Medical research charities and the Academy of Medical Sciences have written to the Times today (£), welcoming a consultation on changes to the NHS constitution and calling on the NHS and Government to work to raise public awareness of the benefits of sharing patient data and the safeguards that are in place to protect personal confidentiality. Sharmila Nebhrajani, AMRC chief executive, was one of the signatories. The letter is in response to proposed changes to the constitution that will clarify how patient data collected by the NHS will be used. You can read more about that in Liz’s blog post here.
Confidential patient information must be kept safe and secure but it must also be shared more effectively
Sir, A poll this year found that 82 per cent of people think it is important for the NHS to offer opportunities to take part in healthcare research, including clinical trials. The consultation on the NHS Constitution announced yesterday is an opportunity to achieve this, for the benefit of all.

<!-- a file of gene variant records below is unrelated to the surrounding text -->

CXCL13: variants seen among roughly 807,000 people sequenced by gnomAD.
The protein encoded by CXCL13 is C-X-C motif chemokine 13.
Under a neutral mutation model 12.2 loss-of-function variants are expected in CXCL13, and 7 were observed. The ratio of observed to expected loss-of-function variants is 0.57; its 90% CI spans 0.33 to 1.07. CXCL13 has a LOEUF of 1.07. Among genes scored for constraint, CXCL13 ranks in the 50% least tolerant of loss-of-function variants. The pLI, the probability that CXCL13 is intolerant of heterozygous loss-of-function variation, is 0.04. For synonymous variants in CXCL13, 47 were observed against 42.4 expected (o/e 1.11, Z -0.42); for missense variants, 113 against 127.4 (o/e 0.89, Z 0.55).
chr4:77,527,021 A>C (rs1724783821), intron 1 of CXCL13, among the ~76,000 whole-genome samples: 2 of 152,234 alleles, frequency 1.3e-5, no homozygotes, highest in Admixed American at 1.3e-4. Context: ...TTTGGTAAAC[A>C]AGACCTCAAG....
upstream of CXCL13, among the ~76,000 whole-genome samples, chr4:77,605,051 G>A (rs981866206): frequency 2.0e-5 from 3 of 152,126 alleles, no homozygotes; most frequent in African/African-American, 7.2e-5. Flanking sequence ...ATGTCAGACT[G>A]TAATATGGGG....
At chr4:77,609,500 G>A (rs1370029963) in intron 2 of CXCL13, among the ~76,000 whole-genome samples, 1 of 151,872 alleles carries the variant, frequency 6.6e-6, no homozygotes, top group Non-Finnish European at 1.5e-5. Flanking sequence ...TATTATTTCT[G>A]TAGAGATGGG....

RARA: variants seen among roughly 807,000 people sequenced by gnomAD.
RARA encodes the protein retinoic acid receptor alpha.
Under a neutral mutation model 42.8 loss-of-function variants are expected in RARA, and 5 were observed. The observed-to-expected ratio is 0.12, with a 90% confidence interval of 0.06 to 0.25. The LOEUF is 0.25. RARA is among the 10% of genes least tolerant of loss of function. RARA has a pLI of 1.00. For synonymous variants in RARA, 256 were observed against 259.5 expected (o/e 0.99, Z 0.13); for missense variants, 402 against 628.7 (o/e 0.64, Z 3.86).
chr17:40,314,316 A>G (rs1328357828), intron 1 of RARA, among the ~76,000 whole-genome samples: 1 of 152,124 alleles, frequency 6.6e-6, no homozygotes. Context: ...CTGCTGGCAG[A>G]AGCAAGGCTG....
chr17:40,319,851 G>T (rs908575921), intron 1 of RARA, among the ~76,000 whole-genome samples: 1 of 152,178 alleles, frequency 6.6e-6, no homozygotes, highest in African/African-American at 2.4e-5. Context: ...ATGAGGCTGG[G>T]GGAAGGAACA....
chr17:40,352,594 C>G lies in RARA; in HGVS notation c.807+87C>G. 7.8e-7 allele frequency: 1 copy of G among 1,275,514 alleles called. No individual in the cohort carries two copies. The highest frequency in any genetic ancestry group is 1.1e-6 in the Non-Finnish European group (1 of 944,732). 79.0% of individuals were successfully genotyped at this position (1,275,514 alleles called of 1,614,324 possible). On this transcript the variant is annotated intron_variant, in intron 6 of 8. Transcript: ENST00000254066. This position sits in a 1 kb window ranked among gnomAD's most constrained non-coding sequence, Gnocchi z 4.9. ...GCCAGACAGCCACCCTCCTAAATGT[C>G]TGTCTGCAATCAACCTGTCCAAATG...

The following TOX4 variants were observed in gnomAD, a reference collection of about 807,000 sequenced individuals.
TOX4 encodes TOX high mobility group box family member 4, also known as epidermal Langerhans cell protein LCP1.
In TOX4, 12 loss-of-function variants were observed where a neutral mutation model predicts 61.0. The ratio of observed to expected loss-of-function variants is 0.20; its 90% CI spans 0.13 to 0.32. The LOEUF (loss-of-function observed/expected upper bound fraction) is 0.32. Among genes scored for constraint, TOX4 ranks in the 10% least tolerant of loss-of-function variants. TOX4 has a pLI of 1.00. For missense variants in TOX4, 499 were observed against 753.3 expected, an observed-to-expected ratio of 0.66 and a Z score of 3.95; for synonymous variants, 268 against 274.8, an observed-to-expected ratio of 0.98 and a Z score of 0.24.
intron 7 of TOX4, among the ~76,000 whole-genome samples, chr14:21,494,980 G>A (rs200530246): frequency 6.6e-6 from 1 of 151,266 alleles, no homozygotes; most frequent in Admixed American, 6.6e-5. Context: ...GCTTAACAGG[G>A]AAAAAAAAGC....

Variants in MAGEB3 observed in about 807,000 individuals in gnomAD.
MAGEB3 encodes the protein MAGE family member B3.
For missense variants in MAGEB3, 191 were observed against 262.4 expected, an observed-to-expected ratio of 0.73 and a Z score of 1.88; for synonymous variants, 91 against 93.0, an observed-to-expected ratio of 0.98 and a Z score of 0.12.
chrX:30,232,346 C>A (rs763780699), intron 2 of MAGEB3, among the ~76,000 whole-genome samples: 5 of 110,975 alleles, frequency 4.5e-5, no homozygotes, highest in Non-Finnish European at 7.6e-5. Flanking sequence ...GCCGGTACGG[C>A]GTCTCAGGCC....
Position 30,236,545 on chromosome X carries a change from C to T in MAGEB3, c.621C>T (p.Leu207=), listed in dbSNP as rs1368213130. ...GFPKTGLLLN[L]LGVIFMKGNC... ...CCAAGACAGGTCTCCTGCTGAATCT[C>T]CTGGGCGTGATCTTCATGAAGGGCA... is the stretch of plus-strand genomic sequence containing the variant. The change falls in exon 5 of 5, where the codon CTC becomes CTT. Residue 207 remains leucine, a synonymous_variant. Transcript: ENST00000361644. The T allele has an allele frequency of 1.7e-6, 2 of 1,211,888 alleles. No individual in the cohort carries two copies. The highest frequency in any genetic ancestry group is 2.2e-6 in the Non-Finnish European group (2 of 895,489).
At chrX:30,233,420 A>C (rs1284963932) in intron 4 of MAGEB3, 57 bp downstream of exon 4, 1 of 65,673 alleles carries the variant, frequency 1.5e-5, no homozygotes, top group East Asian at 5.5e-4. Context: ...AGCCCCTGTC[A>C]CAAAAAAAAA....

Patient records are an invaluable resource for research. They provide data that can be used to understand the causes of disease, to track infections, to recruit people to clinical trials, and to investigate the safety and effectiveness of drugs, treatments and interventions.
Research based on patient data should be routine. Yet for too long it has been held back by a complex and confusing access system. We therefore welcome the consultation, and the clarification about how patient records should be handled.
Confidential patient information must be kept safe and secure but it must also be shared more effectively. Rigorous safeguards protect patients when researchers, from academia or industry, access their data. Wherever possible, researchers use anonymised information. Where this is not possible, individuals must give consent unless there are exceptional circumstances. All research must be approved by an ethics committee, and there are strict controls on how data can be used.
Everyone is concerned that health data should be kept confidential, so it is essential that patients understand how and why their information is used. Revising the Constitution is an important first step, and we urge the NHS and the Department of Health to reinforce it by raising awareness of the benefits of sharing patient data and the safeguards that are in place.
Professor Sir John Tooke, Academy of Medical Sciences
Sharmila Nebhrajani, Association of Medical Research Charities
Professor Peter Weissberg, British Heart Foundation
Harpal Kumar, Cancer Research UK
Professor Sir Mark Walport, Wellcome Trust